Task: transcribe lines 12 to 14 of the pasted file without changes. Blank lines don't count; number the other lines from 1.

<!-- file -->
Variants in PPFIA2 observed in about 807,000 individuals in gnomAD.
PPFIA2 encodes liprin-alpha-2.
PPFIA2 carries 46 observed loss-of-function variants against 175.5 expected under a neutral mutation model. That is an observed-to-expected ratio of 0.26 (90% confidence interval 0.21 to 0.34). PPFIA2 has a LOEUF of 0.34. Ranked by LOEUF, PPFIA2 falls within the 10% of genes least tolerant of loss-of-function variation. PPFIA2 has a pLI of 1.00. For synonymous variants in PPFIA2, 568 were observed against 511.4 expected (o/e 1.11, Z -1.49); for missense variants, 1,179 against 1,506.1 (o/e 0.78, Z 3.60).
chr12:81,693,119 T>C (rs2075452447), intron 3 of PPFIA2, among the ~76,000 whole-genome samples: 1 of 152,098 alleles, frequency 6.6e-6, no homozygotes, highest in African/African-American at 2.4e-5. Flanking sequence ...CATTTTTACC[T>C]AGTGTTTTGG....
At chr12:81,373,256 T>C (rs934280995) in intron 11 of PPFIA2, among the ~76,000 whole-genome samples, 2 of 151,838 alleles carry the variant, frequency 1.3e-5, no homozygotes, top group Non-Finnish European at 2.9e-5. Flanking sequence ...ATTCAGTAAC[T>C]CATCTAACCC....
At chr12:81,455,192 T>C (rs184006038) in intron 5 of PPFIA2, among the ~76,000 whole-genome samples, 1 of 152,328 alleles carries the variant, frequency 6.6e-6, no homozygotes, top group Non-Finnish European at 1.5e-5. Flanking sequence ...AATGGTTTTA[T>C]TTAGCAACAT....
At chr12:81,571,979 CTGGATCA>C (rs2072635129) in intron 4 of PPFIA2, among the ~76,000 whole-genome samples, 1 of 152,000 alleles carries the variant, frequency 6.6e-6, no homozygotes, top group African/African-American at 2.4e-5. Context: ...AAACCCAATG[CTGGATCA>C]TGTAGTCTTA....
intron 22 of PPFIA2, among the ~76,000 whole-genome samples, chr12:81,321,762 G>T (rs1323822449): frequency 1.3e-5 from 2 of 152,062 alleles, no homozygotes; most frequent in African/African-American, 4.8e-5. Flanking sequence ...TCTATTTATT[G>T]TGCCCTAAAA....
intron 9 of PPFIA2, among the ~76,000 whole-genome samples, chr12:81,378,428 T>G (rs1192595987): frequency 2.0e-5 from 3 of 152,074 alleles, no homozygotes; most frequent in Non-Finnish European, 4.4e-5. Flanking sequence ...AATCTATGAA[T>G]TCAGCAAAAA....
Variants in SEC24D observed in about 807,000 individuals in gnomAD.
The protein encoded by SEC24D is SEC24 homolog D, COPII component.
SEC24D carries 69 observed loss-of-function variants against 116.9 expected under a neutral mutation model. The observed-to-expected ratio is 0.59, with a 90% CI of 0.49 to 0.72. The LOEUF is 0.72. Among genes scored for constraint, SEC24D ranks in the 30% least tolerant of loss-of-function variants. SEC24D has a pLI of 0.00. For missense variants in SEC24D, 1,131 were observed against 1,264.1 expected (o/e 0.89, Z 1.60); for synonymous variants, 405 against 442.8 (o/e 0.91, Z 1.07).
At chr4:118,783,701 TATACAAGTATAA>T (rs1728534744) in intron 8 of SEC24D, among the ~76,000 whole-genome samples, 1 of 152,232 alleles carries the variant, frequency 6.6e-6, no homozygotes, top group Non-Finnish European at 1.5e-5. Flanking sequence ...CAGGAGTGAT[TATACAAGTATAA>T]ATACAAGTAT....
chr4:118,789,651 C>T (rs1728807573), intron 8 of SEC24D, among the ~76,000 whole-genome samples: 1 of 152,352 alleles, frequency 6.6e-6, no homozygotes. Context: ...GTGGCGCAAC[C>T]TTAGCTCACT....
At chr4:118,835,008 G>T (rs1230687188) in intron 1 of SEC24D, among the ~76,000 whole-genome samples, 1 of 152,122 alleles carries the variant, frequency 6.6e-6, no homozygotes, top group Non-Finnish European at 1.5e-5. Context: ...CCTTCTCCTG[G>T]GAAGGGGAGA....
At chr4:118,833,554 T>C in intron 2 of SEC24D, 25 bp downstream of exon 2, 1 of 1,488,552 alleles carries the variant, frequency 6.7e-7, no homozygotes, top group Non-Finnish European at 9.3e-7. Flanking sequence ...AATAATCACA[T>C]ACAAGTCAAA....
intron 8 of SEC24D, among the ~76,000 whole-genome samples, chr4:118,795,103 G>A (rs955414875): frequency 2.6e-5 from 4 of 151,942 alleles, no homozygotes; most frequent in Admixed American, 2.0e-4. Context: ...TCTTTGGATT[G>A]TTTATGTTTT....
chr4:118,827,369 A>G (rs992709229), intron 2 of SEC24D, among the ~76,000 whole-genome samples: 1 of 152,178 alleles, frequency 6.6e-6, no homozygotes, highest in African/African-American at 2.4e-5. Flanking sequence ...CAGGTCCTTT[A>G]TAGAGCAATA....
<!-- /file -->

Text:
SEC24D carries 69 observed loss-of-function variants against 116.9 expected under a neutral mutation model. The observed-to-expected ratio is 0.59, with a 90% CI of 0.49 to 0.72. The LOEUF is 0.72. Among genes scored for constraint, SEC24D ranks in the 30% least tolerant of loss-of-function variants. SEC24D has a pLI of 0.00. For missense variants in SEC24D, 1,131 were observed against 1,264.1 expected (o/e 0.89, Z 1.60); for synonymous variants, 405 against 442.8 (o/e 0.91, Z 1.07).
At chr4:118,783,701 TATACAAGTATAA>T (rs1728534744) in intron 8 of SEC24D, among the ~76,000 whole-genome samples, 1 of 152,232 alleles carries the variant, frequency 6.6e-6, no homozygotes, top group Non-Finnish European at 1.5e-5. Flanking sequence ...CAGGAGTGAT[TATACAAGTATAA>T]ATACAAGTAT....
chr4:118,789,651 C>T (rs1728807573), intron 8 of SEC24D, among the ~76,000 whole-genome samples: 1 of 152,352 alleles, frequency 6.6e-6, no homozygotes. Context: ...GTGGCGCAAC[C>T]TTAGCTCACT....